Tax-Free Savings Accounts (TSFAs) offer a number of advantages to Canadians, and an important one is flexibility. While a Registered Retirement Savings Plan (RRSP) is designed to put aside funds for retirement, a TFSA is a vehicle which can be used to put money aside for any purpose. If you are looking for a way to save for a big ticket item like a special vacation, a car, home or a cottage, putting the funds into a TFSA can be a great choice.
The types of things that a person may want to save money for will vary, depending on his or her own personal goals. A taxpayer can contribute up to $5,000 per year into a TFSA. Any unused contribution room is carried forward, which means that someone who has more income in later years can make higher contributions to his or her TFSA without incurring a penalty.
Withdrawing Funds from a TFSA
Another way that TFSAs are flexible is that funds which are withdrawn from the plan can be replaced later without having an impact on a person’s allowable contribution room.
Here’s an example of how this provision works: Julia contributes $5,000 per year for 10 years into a TFSA and earns investment income on the money held in the plan. Over that time, her TFSA grew to $53,000. She decides to withdraw the funds so that she can start a business. She can withdraw the full $53,000 and will pay no tax on any of the $3,000 earnings. Ten years later, Julia decides to sell her business. She can take $50,000 out of the proceeds of the sale and contribute back into her TFSA without reducing her contribution room which is now at $100,000 ($5,000 a year for 20 years).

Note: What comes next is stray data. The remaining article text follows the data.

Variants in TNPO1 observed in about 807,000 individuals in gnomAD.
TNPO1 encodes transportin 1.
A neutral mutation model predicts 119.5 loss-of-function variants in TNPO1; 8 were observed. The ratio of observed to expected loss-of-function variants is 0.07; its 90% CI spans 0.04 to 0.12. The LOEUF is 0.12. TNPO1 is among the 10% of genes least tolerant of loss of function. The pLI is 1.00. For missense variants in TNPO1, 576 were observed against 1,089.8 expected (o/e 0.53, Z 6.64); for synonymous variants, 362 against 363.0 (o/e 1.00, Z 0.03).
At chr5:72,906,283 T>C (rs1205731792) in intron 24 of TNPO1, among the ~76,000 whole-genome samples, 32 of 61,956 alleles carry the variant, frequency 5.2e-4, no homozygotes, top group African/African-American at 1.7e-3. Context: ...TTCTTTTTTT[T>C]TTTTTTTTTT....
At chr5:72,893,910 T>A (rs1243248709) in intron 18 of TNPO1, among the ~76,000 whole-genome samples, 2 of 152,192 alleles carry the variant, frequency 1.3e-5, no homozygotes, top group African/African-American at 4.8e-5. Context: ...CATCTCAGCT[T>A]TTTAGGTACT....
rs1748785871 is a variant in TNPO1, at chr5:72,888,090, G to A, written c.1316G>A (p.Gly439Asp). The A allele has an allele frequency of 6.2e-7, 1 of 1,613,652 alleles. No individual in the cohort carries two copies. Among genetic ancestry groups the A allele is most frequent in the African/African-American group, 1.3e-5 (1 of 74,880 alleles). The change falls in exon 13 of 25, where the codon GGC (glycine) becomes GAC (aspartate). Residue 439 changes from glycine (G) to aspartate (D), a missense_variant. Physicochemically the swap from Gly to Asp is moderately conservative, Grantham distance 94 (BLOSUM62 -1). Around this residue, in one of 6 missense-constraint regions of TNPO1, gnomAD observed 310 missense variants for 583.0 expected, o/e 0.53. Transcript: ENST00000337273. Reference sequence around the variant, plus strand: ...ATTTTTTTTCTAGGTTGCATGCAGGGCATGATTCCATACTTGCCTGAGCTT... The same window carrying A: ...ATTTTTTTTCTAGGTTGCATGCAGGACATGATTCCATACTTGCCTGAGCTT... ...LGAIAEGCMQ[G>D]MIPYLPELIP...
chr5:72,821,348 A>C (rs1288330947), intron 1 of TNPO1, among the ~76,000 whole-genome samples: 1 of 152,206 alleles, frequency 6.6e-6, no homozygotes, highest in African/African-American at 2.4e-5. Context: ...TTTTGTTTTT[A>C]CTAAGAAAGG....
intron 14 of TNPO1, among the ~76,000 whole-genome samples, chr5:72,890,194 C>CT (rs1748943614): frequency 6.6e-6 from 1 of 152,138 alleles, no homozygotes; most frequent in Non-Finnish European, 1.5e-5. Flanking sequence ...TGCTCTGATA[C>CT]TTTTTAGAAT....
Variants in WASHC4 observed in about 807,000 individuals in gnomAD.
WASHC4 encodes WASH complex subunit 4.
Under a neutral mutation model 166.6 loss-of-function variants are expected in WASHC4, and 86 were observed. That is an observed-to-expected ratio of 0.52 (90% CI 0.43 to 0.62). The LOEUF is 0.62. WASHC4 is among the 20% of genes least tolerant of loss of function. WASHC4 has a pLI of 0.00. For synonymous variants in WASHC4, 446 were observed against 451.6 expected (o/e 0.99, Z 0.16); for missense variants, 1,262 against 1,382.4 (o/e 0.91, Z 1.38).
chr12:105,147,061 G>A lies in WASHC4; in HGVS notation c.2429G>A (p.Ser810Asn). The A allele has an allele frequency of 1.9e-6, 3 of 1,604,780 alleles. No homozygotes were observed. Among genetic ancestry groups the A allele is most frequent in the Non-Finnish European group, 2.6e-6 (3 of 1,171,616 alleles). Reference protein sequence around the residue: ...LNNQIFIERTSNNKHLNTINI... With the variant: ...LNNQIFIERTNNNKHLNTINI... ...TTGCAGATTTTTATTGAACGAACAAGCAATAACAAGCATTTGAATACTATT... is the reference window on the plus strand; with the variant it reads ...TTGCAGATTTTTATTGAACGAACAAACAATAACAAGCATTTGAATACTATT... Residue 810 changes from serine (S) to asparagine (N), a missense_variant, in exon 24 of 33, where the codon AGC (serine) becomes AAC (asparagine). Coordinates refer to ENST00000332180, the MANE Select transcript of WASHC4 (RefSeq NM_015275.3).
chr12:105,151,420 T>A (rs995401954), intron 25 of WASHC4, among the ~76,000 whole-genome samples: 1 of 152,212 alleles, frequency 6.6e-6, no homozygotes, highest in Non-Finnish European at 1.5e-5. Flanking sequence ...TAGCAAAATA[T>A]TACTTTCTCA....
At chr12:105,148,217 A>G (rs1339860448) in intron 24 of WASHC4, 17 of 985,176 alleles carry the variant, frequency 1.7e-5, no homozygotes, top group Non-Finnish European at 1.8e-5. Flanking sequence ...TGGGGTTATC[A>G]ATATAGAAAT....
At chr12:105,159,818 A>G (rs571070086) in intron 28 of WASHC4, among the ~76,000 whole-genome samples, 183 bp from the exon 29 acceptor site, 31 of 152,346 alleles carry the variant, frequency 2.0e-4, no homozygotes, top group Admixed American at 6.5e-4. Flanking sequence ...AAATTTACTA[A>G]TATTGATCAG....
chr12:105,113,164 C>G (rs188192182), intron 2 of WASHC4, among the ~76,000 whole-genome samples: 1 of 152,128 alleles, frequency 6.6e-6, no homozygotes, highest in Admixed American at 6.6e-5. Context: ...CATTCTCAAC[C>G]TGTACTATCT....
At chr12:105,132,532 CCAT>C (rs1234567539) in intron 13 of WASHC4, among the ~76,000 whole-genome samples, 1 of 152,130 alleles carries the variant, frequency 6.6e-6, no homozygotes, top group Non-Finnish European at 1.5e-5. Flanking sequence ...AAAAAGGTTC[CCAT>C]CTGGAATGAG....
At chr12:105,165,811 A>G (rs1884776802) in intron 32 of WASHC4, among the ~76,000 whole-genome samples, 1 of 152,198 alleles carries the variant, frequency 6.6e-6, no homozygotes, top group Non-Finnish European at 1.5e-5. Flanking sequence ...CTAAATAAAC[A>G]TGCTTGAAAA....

If Julia had withdrawn funds from her RRSP to fund her business venture, a certain amount would have been deducted for taxes before it got into her hands. For example, is she withdrew the $53,000 from the RRSP she would have had to include the full amount as income when doing her annual taxes and would have had to pay tax at her marginal rate on the full amount. She may have been able to contribute back the $50,000 to her RRSP if she had the contribution room available, but once the funds are withdrawn, she isn’t able to get that past contribution room back.
No TFSA Spousal Plan
Unlike RRSPs, TFSAs don’t have a spousal plan option. A person can give money to a spouse or common-law spouse to invest in his or her own TFSA, though, and the funds can be withdrawn at any time without being attributed back to the person who provided them. Special rules are in place for spousal RRSPs and the funds must be held in the plan for a minimum amount of time or the contributing spouse will have to pay tax on the amount withdrawn.
TFSAs and Turning 71
The funds held in a TFSA don’t have to be converted into a retirement income plan once a person turns 71. There is no minimum withdrawal requirement, and the plan holder can make withdrawals to suit his or her needs instead.
To find out more about the flexibility of TFSAs and how they fit into an overall financial plan, please contact me to set up a personal consultation. I would be happy to outline your options and recommend a solution which will help you reach your goals.